|The Archaeological Land Trust of Nova Scotia|
Protecting Nova Scotia’s Archaeological Resources
The Archaeological Land Trust of Nova Scotia signed a Stewardship Agreement with the Bremner family and Castle Frederick Farms Incorporated to ensure the protection of six archaeological sites on November 6, 2010. Castle Frederick, located in Falmouth, Hants County, has been the subject of a number of archaeological investigations over the past two decades and is considered to be an area of archaeological significance in Nova Scotia.
At right: Castle
Frederick Farm. Photo: Erin Bremner
The site is, of course, best known
for its association with J.F.W. DesBarres, who lived at Castle Frederick from
1764 until 1774. His estate included a large Manor House and an observatory,
perhaps one of the first in North America, built in 1763. Equipped with some
of the most advanced astronomical devices of the time, the observatory was
important as a location for the calibration of his survey instruments and
DesBarres used Castle Frederick as a base of operations for his famous series
of coastal maps entitled the Atlantic Neptune.
While DesBarres may have been the most famous resident at Castle Frederick, he certainly was not the only one. Indeed, there is evidence to suggest a First Nations presence in the vicinity as a small number of Native artifacts have been recovered during archaeological investigations.
Although little is known about the Native occupation of the area, we do know it was once home to the pre-Deportation Acadian settlement of Pierre Landry and was resettled by Acadians, along with tenant farmers of other ethnic origins, in the 1760’s. The archaeological sites to be protected under the Stewardship Agreement, which include the possible remains of the DesBarres manor house and the site of Pierre Landry’s settlement, are located on a portion of the original Castle Frederick estate, now owned and operated by the Bremner family, direct descendents of J.F.W. DesBarres.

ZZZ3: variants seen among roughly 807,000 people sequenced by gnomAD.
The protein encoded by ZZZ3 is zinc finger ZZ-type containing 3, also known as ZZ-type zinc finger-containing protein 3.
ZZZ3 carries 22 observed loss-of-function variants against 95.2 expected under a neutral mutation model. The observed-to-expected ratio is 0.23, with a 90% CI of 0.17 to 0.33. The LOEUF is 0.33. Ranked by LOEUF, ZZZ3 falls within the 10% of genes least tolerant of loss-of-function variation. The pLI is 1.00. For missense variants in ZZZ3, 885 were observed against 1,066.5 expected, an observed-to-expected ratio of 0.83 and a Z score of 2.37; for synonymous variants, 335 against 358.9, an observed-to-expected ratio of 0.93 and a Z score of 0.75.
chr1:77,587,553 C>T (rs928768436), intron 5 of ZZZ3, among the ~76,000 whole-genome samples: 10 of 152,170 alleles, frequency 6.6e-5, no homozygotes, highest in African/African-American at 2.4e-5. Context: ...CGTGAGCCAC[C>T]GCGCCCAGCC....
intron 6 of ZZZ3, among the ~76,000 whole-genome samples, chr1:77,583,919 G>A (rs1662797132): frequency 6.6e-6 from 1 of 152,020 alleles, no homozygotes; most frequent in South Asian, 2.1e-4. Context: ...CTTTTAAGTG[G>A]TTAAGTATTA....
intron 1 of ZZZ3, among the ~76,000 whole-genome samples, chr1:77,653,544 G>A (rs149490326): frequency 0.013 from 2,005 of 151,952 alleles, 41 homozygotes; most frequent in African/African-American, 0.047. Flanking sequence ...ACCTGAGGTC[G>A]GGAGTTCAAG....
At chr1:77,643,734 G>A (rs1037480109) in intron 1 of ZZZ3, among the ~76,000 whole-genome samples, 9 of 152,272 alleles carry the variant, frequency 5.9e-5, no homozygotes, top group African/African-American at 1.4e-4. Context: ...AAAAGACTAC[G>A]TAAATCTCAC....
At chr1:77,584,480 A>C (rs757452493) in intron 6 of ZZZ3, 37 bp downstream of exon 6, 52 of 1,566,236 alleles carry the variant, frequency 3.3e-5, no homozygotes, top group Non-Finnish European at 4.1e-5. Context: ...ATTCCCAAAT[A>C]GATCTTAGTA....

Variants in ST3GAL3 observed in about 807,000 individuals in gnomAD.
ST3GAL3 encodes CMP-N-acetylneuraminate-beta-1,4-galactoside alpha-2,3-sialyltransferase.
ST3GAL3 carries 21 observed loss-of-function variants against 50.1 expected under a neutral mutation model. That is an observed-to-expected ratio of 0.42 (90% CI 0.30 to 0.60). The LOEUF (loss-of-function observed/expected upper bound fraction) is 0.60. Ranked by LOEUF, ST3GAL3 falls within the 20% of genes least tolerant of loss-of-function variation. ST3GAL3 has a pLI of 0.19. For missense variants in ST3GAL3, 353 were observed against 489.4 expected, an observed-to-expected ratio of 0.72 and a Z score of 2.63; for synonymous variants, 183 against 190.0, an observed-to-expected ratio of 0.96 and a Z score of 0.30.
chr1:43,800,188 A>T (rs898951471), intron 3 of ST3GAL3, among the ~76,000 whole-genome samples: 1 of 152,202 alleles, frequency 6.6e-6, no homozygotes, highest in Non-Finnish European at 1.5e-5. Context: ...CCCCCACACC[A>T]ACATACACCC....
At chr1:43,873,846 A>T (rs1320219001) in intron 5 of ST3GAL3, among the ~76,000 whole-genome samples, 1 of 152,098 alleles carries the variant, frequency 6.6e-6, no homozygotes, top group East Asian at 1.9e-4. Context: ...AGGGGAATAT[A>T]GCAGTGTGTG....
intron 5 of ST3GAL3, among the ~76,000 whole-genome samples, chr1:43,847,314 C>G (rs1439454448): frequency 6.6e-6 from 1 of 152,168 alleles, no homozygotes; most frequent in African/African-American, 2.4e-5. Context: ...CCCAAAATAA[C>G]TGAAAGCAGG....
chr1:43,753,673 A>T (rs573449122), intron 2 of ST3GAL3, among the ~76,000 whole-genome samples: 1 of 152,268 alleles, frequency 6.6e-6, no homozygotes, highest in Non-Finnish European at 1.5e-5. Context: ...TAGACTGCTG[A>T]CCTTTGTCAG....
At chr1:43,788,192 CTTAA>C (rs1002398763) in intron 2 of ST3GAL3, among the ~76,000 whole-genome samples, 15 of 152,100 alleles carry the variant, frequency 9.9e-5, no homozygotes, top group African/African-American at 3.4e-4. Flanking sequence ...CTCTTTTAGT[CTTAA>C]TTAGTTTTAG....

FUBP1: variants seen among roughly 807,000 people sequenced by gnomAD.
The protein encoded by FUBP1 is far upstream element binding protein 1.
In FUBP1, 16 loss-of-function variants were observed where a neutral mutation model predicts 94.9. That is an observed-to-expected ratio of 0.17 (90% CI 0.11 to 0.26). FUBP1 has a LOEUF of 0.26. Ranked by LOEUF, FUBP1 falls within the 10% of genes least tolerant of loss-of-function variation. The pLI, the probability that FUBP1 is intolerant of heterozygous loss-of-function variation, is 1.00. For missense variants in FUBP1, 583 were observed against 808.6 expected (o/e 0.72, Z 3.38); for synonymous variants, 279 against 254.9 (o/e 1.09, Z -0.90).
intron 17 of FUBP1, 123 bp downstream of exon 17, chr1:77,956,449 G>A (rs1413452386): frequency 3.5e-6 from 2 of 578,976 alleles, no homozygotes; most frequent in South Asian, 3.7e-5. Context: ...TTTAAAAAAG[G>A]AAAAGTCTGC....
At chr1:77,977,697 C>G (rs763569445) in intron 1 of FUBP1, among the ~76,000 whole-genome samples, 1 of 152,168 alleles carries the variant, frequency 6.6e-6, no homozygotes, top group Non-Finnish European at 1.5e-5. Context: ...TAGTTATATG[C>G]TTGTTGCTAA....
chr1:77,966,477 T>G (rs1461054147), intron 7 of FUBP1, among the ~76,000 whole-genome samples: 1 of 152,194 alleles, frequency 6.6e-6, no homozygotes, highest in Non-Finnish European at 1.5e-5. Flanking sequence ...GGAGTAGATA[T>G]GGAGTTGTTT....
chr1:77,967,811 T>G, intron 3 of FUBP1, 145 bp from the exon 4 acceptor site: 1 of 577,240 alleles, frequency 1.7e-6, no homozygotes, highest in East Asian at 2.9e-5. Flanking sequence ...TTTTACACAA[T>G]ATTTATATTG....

At right: The remains of Pierre Landry’s settlement. Photo: Craig Chandler
Modern settlement expansion has been thwarted by the extensive farmland of Castle Frederick. As a result, its archaeological resources have remained relatively intact, providing us with a unique glimpse into pre and post-Deportation Acadian society, eighteenth-century Euro-Canadian life and the development of the estate as a system of tenant farms during the late eighteenth and early centuries. Needless to say, Castle Frederick represents an important historical landscape and offers an opportunity for greater understanding and appreciation of our collective past.
Archaeological research at Castle Frederick began in 1987 with a preliminary reconnaissance by Brian Preston of the Nova Scotia Museum. At that time, 30 cultural features were recorded - believed to date from the early eighteenth century to about 1950. In 1988, reconnaissance continued and in the fall of that year, Stephen Davis of Saint Mary’s University conducted two days of test excavation, confirming the presence of one Acadian and two post-Deportation domestic sites. In the summer of 1989, Michael Deal and his crew from
Memorial University of Newfoundland continued testing and mapping archaeological features identified during earlier surveys. They returned to Castle Frederick the following year and spent six weeks excavating what has been tentatively identified as the
DesBarres Manor House site. Thousands of artifacts were recovered during this excavation, including a Spanish coin dating to 1783. Testing continued in 1992, confirming the pre-Deportation date for one of the Acadian features and the late eighteenth to early nineteenth-century occupation of the Manor House site.
Above:Jim Bremner of Castle Frederick Farms and Craig Chandler, ALTNS President on November 6, 2010. Photo: Erin Bremner
The Archaeological Land Trust of Nova Scotia is grateful to Jim Bremner and his family for their recognition and appreciation of the important archaeological resources at Castle Frederick. The Bremner family’s commitment to the protection and preservation of Castle Frederick’s archaeological sites is a significant contribution to the historical and cultural legacy of Nova Scotia – and we greatly appreciate their efforts.